But the casinos are an even bigger business. It is estimated that in 2000, Tunica's 10 casinos grossed close to 1.2 billion dollars. Tunica is currently the third largest casino destination in the United States, behind Las Vegas and Atlantic City, but ahead of all the others. Tunica attracted close to 10 million visitors in the year 2000. No wonder. Its 10 casinos range from gorgeous (Gold Strike) to gargantuan (the Grand) to western class (Sam's Town) to tinsel-town tack (Hollywood) to pre-theme-park Vegas chic (Horseshoe). In fact, there is a casino to fit the taste and wealth of gamblers from nickel slot players to purple-chip high rollers and everything in between. When Chris Wade said that inside Tunica's casinos you would find games that might equal or surpass Vegas, he was not hyperbolizing -- he was speaking plainly.
Walter Thomason, gaming author: Tunica has the best craps games in the country, better than Vegas. You have 20X odds but you can also buy the 4 and 10, 5 and 9 and pay commissions only on the wins. The blackjack games range from single-decks all the way to eight decks and you can find whatever game suits your fancy and your bankroll. The rules are generally quite liberal as well.
John Robison, slot expert: You won't find much in the way of video poker compared to Vegas but the paybacks on the slots certainly compare favorably with Vegas and far surpass those of Atlantic City.
Inside the casino it is Las Vegas, the feel, the games, the smell -- that rich mixture of adrenaline and smoke, of hopes fulfilled and dreams dashed. But outside, it is a whole different world. The casinos sit literally in the middle of the South's original claim to economic fame, cotton, because, as far as the eye can see, there are cotton fields, and soybean fields, and even rice paddies. Interspersed -- one here, one there -- are houses that range from delightful to decrepit. This is farming country, growing country. There are even signs on the highway to watch out for farm machinery crossing!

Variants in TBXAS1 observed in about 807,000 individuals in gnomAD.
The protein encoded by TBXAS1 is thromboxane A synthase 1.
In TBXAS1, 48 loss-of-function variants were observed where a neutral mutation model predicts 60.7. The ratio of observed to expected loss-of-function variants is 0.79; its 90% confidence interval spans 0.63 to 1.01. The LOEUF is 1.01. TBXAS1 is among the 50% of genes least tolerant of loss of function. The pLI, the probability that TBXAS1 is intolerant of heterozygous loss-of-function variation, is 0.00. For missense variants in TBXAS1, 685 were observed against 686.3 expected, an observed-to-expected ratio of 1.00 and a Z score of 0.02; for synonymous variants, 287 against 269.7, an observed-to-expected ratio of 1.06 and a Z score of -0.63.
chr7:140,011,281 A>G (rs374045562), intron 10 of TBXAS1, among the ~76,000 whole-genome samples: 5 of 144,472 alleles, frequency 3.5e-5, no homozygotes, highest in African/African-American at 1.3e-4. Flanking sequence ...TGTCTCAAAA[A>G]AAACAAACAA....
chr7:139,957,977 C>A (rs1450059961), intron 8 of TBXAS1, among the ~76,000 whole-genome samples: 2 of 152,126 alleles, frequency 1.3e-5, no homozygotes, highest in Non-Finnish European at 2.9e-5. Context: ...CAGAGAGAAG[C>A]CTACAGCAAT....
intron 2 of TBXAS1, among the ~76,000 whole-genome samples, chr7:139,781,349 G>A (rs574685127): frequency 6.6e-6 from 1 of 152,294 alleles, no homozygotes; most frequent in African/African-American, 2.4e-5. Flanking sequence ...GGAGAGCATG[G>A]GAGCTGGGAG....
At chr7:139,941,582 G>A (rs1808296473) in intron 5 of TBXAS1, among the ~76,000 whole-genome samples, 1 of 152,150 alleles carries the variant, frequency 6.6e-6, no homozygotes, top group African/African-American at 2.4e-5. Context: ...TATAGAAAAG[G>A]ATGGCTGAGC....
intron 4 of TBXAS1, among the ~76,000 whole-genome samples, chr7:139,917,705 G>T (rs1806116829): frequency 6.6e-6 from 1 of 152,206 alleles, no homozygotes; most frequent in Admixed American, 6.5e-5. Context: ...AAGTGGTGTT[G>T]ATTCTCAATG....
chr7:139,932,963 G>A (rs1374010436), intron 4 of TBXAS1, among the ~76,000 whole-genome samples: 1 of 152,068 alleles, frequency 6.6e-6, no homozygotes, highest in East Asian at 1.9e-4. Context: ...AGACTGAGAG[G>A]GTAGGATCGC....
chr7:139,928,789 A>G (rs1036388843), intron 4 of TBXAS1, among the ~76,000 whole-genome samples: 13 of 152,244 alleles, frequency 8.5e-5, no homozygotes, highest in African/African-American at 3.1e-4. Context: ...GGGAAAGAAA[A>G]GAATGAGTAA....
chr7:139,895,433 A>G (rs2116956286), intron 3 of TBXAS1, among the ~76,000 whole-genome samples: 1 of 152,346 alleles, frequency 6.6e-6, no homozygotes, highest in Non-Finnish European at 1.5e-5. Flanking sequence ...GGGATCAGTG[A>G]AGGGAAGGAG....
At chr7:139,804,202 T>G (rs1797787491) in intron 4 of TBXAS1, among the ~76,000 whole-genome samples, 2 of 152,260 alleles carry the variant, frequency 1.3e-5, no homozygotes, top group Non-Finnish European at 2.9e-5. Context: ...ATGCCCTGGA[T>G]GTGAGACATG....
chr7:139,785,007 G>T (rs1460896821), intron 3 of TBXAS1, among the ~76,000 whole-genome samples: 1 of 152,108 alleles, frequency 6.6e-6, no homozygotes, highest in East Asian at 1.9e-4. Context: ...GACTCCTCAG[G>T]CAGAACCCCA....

The Mississippi air often hangs on you like an extra skin and there are bugs and snakes and other creepy-crawly things that the imagination gives rise to in the wee hours of the morning when you stray too far from the glare of the neon night that surrounds the immediate proximity of the casino clusters. Outside that glare is nature.
Chris Wade, Marketing Director, Sam's Town: Once I was riding along on a lawnmower going to Isle of Capri to check on a fireworks display that we were going to have that evening and I almost hit a huge water moccasin crawling along the grass. I thought to myself, "If I hit that thing, I'll turn over and it'll get me." Another time I had to physically remove a family of possums who had decided to get involved with the show at the River Palace Arena. Those things got mean and spit!
Ronda Cloud, PR Director, Sam's Town: There are giant bugs outside. They cross the roads and you think to yourself, "Should I stop?" We also have a herd of deer that grazes nearby and sometimes they come right up to the hotel.